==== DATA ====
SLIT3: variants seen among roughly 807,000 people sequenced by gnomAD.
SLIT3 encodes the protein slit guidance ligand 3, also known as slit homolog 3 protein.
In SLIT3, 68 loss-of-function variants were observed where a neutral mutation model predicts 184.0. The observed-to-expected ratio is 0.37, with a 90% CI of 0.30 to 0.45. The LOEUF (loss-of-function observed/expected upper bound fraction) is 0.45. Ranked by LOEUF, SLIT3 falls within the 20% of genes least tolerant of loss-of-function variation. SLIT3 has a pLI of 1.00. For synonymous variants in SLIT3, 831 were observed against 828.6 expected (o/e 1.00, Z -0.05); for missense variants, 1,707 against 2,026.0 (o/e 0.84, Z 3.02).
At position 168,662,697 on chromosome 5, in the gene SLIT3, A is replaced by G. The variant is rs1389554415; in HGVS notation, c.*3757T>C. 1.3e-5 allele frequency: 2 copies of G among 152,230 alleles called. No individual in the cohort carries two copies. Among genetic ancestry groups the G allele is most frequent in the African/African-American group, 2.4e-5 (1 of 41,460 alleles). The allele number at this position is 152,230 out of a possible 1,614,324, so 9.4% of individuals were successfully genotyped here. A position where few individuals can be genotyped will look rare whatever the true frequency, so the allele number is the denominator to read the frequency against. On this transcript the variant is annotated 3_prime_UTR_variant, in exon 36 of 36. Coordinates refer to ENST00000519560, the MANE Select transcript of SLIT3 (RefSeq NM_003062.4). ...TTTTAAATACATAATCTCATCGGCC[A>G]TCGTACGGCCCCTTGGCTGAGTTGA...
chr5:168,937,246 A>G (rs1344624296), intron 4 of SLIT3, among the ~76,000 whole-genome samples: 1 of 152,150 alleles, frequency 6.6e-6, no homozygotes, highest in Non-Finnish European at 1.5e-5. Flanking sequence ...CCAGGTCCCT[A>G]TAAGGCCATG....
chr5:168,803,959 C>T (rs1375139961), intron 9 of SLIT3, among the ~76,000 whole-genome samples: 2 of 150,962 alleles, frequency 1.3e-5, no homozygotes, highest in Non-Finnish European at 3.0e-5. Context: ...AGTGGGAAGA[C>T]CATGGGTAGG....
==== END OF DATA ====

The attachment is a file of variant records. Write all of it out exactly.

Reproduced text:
SLIT3: variants seen among roughly 807,000 people sequenced by gnomAD.
SLIT3 encodes the protein slit guidance ligand 3, also known as slit homolog 3 protein.
In SLIT3, 68 loss-of-function variants were observed where a neutral mutation model predicts 184.0. The observed-to-expected ratio is 0.37, with a 90% CI of 0.30 to 0.45. The LOEUF (loss-of-function observed/expected upper bound fraction) is 0.45. Ranked by LOEUF, SLIT3 falls within the 20% of genes least tolerant of loss-of-function variation. SLIT3 has a pLI of 1.00. For synonymous variants in SLIT3, 831 were observed against 828.6 expected (o/e 1.00, Z -0.05); for missense variants, 1,707 against 2,026.0 (o/e 0.84, Z 3.02).
At position 168,662,697 on chromosome 5, in the gene SLIT3, A is replaced by G. The variant is rs1389554415; in HGVS notation, c.*3757T>C. 1.3e-5 allele frequency: 2 copies of G among 152,230 alleles called. No individual in the cohort carries two copies. Among genetic ancestry groups the G allele is most frequent in the African/African-American group, 2.4e-5 (1 of 41,460 alleles). The allele number at this position is 152,230 out of a possible 1,614,324, so 9.4% of individuals were successfully genotyped here. A position where few individuals can be genotyped will look rare whatever the true frequency, so the allele number is the denominator to read the frequency against. On this transcript the variant is annotated 3_prime_UTR_variant, in exon 36 of 36. Coordinates refer to ENST00000519560, the MANE Select transcript of SLIT3 (RefSeq NM_003062.4). ...TTTTAAATACATAATCTCATCGGCC[A>G]TCGTACGGCCCCTTGGCTGAGTTGA...
chr5:168,937,246 A>G (rs1344624296), intron 4 of SLIT3, among the ~76,000 whole-genome samples: 1 of 152,150 alleles, frequency 6.6e-6, no homozygotes, highest in Non-Finnish European at 1.5e-5. Flanking sequence ...CCAGGTCCCT[A>G]TAAGGCCATG....
chr5:168,803,959 C>T (rs1375139961), intron 9 of SLIT3, among the ~76,000 whole-genome samples: 2 of 150,962 alleles, frequency 1.3e-5, no homozygotes, highest in Non-Finnish European at 3.0e-5. Context: ...AGTGGGAAGA[C>T]CATGGGTAGG....